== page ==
Prominent property developer and owner of a six-star boutique hotel in Queenstown, Kevin Carlin has died suddenly.
The 69-year-old owned The Carlin Boutique Hotel, a $30 million-plus project in Queenstown, in which he lived in a penthouse on top.
Speaking to Metropol magazine in September last year, the Californian native reflected on his difficult childhood, in which he fled from his abusive family home at the age of 17.
A cold, metal park bench was his first home-away-from-home, until offered a tent by a friend’s parents.
He spent nine months living in the tent, accepting a government grant to attend chef school, and then “upgrading” to a caravan.
He prepared meals on the road for musicians such as Van Halen, Tom Petty and Olivia Newton John.
In 1980, he built his first mobile kitchen to prepare food on location. This was the beginning of his company, Carlin Manufacturing Inc, which produced mobile kitchens and specialty vehicles for clients in more than 30 countries, including Burger King, McDonalds, the American Red Cross and the Salvation Army. The company made Carlin’s fortune.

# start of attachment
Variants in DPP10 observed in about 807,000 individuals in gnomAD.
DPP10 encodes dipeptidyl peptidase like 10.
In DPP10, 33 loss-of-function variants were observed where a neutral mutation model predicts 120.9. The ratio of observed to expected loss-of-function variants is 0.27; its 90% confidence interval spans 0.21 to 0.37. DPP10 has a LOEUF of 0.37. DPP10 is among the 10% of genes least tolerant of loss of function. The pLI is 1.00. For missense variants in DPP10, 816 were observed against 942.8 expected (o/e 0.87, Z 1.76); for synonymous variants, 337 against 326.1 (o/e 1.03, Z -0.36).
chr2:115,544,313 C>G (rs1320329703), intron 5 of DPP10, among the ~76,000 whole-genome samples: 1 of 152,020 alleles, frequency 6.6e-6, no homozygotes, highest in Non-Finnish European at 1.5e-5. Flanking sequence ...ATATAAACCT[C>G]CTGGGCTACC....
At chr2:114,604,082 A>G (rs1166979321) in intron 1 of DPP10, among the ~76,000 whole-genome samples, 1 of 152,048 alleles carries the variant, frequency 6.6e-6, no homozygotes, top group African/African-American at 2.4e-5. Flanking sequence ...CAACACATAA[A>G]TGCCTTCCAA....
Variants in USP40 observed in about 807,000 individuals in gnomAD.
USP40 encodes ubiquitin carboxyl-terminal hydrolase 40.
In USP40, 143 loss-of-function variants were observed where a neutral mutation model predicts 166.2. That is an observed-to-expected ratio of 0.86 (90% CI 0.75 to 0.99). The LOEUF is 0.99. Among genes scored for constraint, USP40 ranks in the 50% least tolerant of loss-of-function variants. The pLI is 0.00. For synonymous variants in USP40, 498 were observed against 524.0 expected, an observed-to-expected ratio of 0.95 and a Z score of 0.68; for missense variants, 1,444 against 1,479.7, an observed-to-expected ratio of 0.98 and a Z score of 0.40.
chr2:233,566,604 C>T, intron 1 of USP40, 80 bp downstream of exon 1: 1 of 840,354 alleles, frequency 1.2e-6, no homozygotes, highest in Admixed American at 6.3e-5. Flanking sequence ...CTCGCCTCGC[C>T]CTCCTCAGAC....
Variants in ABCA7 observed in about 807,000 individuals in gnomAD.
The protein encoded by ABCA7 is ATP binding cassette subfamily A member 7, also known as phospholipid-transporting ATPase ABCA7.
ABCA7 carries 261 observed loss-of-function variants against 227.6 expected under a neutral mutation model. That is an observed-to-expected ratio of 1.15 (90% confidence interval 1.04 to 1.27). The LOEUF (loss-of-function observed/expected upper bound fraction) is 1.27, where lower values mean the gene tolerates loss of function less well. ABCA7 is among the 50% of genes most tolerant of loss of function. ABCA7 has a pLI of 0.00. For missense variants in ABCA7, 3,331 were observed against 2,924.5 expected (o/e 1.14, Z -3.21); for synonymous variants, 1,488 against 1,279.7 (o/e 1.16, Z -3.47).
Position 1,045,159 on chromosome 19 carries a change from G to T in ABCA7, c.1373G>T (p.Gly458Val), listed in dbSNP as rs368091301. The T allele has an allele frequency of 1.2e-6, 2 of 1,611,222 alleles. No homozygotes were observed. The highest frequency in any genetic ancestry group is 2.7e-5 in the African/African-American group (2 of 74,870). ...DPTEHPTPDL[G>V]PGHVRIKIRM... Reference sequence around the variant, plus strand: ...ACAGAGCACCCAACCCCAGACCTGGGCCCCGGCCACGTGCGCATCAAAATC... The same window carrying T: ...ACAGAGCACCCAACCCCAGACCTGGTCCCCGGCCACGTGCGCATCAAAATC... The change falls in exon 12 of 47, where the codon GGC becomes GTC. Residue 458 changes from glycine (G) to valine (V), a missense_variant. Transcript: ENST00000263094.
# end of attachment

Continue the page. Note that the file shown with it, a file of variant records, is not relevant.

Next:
He first visited New Zealand in the early 90s and several holidays later bought land in Queenstown, where he moved.
“I thought it would be a good place for my children to live. I didn’t like the attitude of people in the US and even back then, it was a pretty violent place. So I’ve never looked back and I’ll never live there again. I’m proud to be a New Zealander now, and my children have Kiwi accents.”
In 2003, Carlin composed 14 orchestral pieces, performed by the New Zealand Symphony Orchestra, for an album, The Princess of Wales. It reached number 23 on the New Zealand music charts.
The Carlin Boutique Hotel opened in March last year.